I live in Searsport with my dad, my son, two rescue dogs and a parrot. I have owned my house here for years and made it my full-time home when I retired three years ago. For the last 10 years of my working life I was assistant to the President of Permacel, a mid-sized manufacturing company. Before that, I spent many years in the insurance industry. I was married for 38 years, but am now a widow. I have energy, common sense and a strong work ethic, and I would like to use them in Augusta in the service of my community.

Why are you running?

Augusta has gotten away from putting people first. People are hurting, small businesses are hurting, but the current Legislature has spent its energies helping big insurance companies increase their profits, enacting tax breaks that primarily benefit the wealthy, raiding public employee retirement programs and defunding education and essential human services. Meanwhile, Maine has been losing jobs and our economy has been shrinking. We must change direction to focus on the things that will improve the life of Mainers: jobs, education, health-care and making sure Maine participates in the economic recovery that is already under way in other parts of the country. I want to be part of a new Legislature that will take Maine in that new direction.

What government services, if any, do you feel should be privatized?

I am opposed to the privatization of government services because profit-motivation is not compatible with the goals of government services. For example a privatized prison has little motivation to rehabilitate its inmates because a large prison population means large profits, while public interest is best served by reducing prison populations. Also, most privatized government services would be monopolies (i.e the post office), thus the motivation of competition for profit would be absent. In addition, cost of service would have to be increased to provide corporate profits.

What services do you feel need to be protected from budget cuts?

Programs on which people rely for essential human services, such as Medicare, should be protected from budget cuts.

What services that are private now should be taken on by the government?

I can’t think of any off the top of my head.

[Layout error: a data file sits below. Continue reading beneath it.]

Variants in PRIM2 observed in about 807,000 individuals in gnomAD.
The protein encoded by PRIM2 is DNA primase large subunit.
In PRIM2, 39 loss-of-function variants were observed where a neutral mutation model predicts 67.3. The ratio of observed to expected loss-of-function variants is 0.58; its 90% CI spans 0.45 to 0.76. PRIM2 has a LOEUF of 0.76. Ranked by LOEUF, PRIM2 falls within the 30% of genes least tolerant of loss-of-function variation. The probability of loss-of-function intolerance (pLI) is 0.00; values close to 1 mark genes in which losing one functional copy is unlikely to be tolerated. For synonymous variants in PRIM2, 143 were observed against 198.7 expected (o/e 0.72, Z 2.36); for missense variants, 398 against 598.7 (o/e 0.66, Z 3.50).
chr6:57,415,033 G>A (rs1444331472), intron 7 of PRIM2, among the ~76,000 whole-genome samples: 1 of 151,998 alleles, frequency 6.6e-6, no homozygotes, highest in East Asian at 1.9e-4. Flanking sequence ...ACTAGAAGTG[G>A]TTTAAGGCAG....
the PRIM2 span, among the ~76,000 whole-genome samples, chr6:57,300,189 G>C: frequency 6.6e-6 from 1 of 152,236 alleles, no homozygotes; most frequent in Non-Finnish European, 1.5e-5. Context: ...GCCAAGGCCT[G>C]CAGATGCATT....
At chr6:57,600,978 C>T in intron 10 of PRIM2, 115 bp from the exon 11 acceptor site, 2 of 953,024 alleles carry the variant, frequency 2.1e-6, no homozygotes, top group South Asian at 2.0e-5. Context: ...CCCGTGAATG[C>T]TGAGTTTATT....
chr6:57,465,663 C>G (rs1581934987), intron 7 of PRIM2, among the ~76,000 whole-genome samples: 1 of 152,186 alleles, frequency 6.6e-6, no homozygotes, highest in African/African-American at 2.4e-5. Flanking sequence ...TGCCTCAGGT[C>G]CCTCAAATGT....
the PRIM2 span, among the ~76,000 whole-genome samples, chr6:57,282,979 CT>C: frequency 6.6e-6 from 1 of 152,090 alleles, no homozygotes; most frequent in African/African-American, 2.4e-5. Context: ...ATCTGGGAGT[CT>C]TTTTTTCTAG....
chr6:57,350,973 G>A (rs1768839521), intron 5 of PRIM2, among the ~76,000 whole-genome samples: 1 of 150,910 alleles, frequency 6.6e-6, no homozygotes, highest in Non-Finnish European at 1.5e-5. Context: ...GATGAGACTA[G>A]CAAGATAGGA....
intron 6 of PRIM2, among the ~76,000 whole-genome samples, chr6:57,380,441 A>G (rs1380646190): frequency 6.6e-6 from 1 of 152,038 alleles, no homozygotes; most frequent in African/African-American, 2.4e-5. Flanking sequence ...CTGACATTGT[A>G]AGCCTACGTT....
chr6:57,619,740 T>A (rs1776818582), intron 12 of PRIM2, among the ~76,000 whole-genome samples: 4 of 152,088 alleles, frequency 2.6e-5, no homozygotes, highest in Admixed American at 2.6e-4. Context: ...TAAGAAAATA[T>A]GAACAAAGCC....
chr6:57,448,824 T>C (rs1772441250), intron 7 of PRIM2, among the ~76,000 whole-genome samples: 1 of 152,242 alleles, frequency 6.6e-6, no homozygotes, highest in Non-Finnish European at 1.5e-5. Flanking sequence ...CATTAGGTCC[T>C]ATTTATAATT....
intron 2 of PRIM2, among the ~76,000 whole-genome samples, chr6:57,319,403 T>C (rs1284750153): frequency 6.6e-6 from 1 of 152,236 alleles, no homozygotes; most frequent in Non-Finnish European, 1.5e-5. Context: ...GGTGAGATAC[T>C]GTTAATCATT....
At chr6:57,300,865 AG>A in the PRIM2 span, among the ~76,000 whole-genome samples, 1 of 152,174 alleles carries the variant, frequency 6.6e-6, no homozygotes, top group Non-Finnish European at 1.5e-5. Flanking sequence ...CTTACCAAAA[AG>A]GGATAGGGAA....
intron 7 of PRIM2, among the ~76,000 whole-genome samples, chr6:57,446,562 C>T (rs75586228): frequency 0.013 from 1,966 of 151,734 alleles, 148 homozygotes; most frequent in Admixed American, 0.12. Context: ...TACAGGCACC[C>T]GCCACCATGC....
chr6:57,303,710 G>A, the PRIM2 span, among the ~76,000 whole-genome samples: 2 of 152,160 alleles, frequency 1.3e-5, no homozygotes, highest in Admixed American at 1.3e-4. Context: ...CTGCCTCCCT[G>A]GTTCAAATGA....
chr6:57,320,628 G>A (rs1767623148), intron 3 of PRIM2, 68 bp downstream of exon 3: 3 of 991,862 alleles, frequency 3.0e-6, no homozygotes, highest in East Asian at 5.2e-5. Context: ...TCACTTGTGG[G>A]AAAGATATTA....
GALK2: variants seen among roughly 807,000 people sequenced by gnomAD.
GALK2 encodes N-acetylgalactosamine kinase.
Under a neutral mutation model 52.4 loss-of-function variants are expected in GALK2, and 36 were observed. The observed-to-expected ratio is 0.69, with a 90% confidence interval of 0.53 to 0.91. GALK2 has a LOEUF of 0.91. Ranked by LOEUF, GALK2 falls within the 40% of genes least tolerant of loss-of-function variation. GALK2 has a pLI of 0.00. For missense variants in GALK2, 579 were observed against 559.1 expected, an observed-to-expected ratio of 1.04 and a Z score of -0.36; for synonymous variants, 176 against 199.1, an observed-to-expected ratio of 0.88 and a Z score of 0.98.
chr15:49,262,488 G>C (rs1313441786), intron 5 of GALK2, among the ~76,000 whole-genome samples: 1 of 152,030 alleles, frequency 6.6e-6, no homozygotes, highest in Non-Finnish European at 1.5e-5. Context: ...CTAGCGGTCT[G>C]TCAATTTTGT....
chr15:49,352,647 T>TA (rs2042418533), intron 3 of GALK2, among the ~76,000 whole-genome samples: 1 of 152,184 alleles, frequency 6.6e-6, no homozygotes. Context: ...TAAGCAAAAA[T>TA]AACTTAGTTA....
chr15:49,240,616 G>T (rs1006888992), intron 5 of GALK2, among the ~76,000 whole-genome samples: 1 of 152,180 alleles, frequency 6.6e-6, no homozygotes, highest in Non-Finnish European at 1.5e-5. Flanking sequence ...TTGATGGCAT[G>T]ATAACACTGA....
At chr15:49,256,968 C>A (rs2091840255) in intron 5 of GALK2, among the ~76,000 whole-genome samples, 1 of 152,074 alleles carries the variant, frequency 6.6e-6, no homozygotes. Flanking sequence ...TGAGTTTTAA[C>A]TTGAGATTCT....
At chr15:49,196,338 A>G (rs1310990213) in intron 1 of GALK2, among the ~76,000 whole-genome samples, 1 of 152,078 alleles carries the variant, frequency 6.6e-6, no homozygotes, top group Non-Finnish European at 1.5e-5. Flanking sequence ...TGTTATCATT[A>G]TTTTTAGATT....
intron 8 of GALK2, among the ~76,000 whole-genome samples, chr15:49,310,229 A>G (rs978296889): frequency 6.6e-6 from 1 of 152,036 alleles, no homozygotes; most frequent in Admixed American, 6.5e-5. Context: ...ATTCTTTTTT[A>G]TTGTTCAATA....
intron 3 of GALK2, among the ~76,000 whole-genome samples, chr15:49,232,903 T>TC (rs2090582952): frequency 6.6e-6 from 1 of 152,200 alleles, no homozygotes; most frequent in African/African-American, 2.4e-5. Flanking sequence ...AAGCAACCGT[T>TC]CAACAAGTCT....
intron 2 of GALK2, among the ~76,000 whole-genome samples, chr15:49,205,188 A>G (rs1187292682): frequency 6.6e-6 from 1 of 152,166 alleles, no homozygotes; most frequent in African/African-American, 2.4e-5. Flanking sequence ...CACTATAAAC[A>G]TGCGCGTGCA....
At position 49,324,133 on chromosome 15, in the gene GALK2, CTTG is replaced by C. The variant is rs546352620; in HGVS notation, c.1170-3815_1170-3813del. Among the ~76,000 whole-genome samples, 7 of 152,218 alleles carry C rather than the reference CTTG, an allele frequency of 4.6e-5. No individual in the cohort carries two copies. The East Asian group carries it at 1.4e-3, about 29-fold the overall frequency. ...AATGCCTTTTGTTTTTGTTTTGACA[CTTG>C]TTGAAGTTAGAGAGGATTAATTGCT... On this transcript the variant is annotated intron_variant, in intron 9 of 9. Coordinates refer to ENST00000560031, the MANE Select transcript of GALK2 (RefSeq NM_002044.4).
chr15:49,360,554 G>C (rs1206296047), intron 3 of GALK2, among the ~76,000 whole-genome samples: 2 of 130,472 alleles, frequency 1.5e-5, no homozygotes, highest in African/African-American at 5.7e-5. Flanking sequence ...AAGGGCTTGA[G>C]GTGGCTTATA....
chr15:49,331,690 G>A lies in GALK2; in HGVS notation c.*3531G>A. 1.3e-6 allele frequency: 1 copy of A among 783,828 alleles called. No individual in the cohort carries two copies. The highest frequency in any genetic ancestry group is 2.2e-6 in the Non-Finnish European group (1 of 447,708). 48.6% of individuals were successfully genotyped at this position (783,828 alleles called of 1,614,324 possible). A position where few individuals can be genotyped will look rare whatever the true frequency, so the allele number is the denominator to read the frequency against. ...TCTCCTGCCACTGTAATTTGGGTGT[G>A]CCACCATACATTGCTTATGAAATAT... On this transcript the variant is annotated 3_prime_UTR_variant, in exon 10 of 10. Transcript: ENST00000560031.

Mitt Romney has proposed kicking Medicaid costs back to the states to administer and cutting federal funds for them. Would you support this plan, and how do you think it would impact state government and taxes?

I am opposed to Romney’s plan because it would burden states, many of which are already unable to meet their obligations. States would have to raise taxes, and the hardships it would cause would fall unevenly on people depending on where they live and the existing tax structures in their particular states.

What is your position on women's health issues including insurance coverage for contraceptives and the option of having abortions to terminate unwanted pregnancies?

I strongly support every woman’s right to make her own health care decisions including decisions on contraception and the safe, legal termination of unwanted pregnancy. Contraception should be covered by health insurance, just like any other preventive care.

We have seen a push, particularly from Republicans, for more identification at the polls. What are your thoughts on balancing the need for preventing voter fraud with the need to provide access to citizens wishing to vote?

Instances of voter fraud are extremely rare. Cases of voter fraud that could be prevented by rigorous ID requirements at the polls are even rarer — so rare that they could not possibly influence the outcome of an election. However the voter suppression laws promoted by Republican governors could have great influence on the outcome of elections. If voter fraud ever becomes a problem, we should seek ways to address it that do not interfere with the right of American citizens to cast their votes.

Why aren't there more jobs?